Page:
Can you try setting the exposure to something different such as 1000?

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plawlorThomasJ1

Reply 8 weeks ago

Done. No change in behaviour.

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plawlorThomasJ1

Reply 8 weeks ago

settings.json:
{"width":"0","height":"0","exposure":"0","maxexposure":"7500","autoexposure":"1","gain":"75","maxgain":"75","autogain":"0","gamma":"50","brightness":"50","wbr":"53","wbb":"90","bin":"1","delay":"10","daytimeDelay":"5000","type":"1","quality":"95","usb":"40","filename":"image.jpg","flip":"0","text":"","textx":"15","texty":"30","fontname":"0","fontcolor":"255 255 255","fonttype":"0","fontsize":"0.7","fontline":"1","latitude":"46.3N","longitude":"63.01W","angle":"-6","time":"1","darkframe":"0","showDetails":"1"}

config.sh:
#!/bin/bash
source /home/pi/allsky/scripts/ftp-settings.sh
# Set to true to upload current image to your website
UPLOAD_IMG=false
# Set to true to upload timelapse video to your website at the end of each night
UPLOAD_VIDEO=true
# Set to true to send data to your server at the end of each night
POST_END_OF_NIGHT_DATA=false
# Set to true to generate a timelapse at the end of the night
TIMELAPSE=true
# Set to true to generate a keogram at the end of the night (image summary of the night)
KEOGRAM=true
# Set to true to upload the keogram after it has been generated
UPLOAD_KEOGRAM=false
# Set to true to generate a startrails image of the night. Will skip brighter images to avoid over-exposure
STARTRAILS=true
# Images with a brightness higher than the threshold will be skipped for startrails image generation
BRIGHTNESS_THRESHOLD=0.1
# Set to true to upload the startrails after it has been generated
UPLOAD_STARTRAILS=true
# Set to true to enable automatic deletion of archived data (images + videos)
AUTO_DELETE=true
# Set this value to the number of archived nights you want to keep. Needs AUTO_DELETE=true to work
NIGHTS_TO_KEEP=30
# Path to the dark frame for hot pixels subtraction. Can be jpg or png.
DARK_FRAME="dark.png"
# Set to 0 to disable Daytime Capture
DAYTIME="1"
# Path to the camera settings (exposure, gain, delay, overlay, etc)
CAMERA_SETTINGS="/var/www/html/settings.json"

Thanks,
Peter

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RedAxis1

7 weeks ago

Hi Thomas,

I'd like to say this is a amazing bit of software, I've never used a Raspberry pi before and found following your instructions very easy to follow and use. I have my allsky up and running, just having one small issue, I hope you might be able to tell me what I'm doing wrong?

I get all the images, star trails, Keogram and can log in and see everything, but the timelapse file is showing as 0 bytes, every single jpg image has a file size. It's just the timelapse.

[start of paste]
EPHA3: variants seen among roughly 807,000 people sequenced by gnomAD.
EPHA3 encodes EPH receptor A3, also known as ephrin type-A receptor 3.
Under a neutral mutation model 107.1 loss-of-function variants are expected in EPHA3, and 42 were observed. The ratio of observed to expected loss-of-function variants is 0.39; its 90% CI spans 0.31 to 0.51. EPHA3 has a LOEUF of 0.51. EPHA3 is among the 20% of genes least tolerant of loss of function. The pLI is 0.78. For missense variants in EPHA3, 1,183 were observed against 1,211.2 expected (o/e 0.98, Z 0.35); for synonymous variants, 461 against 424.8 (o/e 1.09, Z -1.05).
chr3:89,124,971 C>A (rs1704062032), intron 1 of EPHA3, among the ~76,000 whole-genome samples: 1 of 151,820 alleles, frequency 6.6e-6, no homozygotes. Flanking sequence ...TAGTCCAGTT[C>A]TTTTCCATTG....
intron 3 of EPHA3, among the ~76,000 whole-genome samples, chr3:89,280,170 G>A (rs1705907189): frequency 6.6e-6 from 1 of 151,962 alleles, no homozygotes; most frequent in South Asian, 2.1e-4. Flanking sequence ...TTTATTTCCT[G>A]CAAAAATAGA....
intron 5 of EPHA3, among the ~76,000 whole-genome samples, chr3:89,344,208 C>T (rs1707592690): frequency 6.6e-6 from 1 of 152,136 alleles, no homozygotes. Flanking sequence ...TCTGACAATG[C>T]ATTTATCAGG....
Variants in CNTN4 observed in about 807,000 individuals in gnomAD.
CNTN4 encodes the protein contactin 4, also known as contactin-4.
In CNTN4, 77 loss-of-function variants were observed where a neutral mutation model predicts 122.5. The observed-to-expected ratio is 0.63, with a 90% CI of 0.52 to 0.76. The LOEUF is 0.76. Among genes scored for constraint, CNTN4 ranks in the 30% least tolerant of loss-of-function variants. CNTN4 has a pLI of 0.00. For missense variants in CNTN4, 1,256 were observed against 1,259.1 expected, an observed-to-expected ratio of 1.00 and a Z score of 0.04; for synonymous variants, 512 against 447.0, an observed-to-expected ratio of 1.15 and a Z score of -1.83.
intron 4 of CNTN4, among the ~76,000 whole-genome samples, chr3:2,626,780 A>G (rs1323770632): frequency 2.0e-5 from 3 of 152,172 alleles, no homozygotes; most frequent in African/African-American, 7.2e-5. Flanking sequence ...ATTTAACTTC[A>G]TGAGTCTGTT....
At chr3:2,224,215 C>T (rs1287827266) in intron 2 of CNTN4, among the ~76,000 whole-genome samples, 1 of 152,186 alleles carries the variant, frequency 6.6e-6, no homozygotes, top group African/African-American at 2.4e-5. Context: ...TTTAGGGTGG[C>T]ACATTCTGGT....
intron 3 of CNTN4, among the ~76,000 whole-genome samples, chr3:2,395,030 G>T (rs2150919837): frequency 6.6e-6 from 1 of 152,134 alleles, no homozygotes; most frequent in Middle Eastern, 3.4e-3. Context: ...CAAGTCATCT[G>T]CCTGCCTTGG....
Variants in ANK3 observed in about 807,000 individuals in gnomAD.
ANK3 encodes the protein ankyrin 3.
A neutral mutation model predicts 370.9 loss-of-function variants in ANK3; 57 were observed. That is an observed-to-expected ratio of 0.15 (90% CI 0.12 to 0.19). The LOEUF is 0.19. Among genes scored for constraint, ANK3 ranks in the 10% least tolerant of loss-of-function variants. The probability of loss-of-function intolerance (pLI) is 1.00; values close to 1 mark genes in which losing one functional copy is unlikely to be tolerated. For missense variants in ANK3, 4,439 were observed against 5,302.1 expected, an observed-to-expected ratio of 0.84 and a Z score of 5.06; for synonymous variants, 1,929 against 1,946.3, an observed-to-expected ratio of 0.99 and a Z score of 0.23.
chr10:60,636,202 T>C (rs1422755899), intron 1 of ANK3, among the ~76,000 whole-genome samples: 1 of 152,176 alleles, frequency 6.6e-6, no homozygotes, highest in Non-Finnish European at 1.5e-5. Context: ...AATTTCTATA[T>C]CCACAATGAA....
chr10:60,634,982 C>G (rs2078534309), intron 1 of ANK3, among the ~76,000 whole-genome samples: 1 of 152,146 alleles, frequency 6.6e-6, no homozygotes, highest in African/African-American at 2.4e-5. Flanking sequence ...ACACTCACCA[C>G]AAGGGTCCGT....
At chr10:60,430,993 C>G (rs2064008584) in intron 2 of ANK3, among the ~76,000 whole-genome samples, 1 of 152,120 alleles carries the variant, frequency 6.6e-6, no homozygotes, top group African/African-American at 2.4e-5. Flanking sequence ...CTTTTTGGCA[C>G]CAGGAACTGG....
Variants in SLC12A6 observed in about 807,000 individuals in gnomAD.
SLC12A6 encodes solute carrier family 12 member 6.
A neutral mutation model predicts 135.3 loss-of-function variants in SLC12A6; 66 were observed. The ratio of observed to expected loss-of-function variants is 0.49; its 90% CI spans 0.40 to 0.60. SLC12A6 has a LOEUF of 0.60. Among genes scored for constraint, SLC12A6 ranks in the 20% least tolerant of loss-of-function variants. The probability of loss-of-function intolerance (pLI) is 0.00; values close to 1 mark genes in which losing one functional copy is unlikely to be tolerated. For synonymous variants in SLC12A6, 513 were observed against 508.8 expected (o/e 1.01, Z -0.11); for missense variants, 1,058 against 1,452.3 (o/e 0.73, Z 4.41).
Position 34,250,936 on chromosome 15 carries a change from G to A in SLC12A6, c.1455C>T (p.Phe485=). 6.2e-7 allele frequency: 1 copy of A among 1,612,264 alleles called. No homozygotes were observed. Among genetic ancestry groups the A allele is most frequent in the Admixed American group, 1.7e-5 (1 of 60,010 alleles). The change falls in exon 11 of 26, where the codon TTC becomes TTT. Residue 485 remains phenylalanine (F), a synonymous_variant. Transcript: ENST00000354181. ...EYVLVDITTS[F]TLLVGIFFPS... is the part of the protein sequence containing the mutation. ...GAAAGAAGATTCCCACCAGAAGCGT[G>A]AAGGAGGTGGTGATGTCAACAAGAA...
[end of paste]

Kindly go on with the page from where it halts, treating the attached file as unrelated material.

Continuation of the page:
Timelaspe=true in the settings

Any help would be much appricated, thank you in advance.
David

7 replies
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ThomasJ1RedAxis1

Reply 7 weeks ago

Hi David,
Can you try generating it by hand?
./scripts/timelapse.sh 20190226 for example
This should give you a bit of feedback in the terminal. What camera do you use?
Thomas

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RedAxis1ThomasJ1

Reply 7 weeks ago

Hi Thomas, Thank you for your reply.. I tried running the script, looks like it failed, please see attached image. Camera is ZWO ASI178mm

IMG_0066.JPGIMG_0069 (1).JPGIMG_0064.JPG
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ThomasJ1RedAxis1

Reply 7 weeks ago

Hi David,

Looks like a memory allocation issue. This happens with cameras that have a very large sensor. The Raspberry Pi is a small computer and it doesn't have the capacities to allocate more memory to the avconv process.
There are a few ways to fix it, you can run the image magick's mogrify command to shrink all your images before running the timelapse or you can set bin 2 in the camera settings.
For images already taken, try the mogrify function from the images directory. ex:
mogrify -resize 50% *.jpg
For future images, just set the binning mode to 2. Owners of this model have reported it to fix the problem.

Thomas

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dnubeThomasJ1

Reply 7 weeks ago

Hi Thomas/David,
I have the 178MC and had similar memory issues. Binning 2x2 is an easy approach but I did not want to lose so much resolution. So I ended up experimenting with the Mogrify command. And found that using 75% resolution worked for me:
mogrify -geometry 2322x1560 -path /home/pi/allsky/images/$1/75/ /home/pi/allsky/images/$1/*.jpg
(I create a new folder for the mogrified images, create the timelapse and then delete the mogrified images. That way I can keep the original full resolution images).

I also adjusted the Pi3s SWAP space following this post:
https://www.raspberrypi.org/forums/viewtopic.php?t=78759

Takes several hours to complete the timelapse (currently finishes about 1pm) but it has been stable consistent for weeks now.

DaveNL

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RedAxis1dnube

Reply 7 weeks ago

Thanks Dave, I will give this a try, really helpful

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ThomasJ1dnube

Reply 7 weeks ago

Thanks for the feedback Dave, that's really helpful.

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RedAxis1ThomasJ1

Reply 7 weeks ago

Thank you so much, makes a lot of sense.. I will give this a try.
David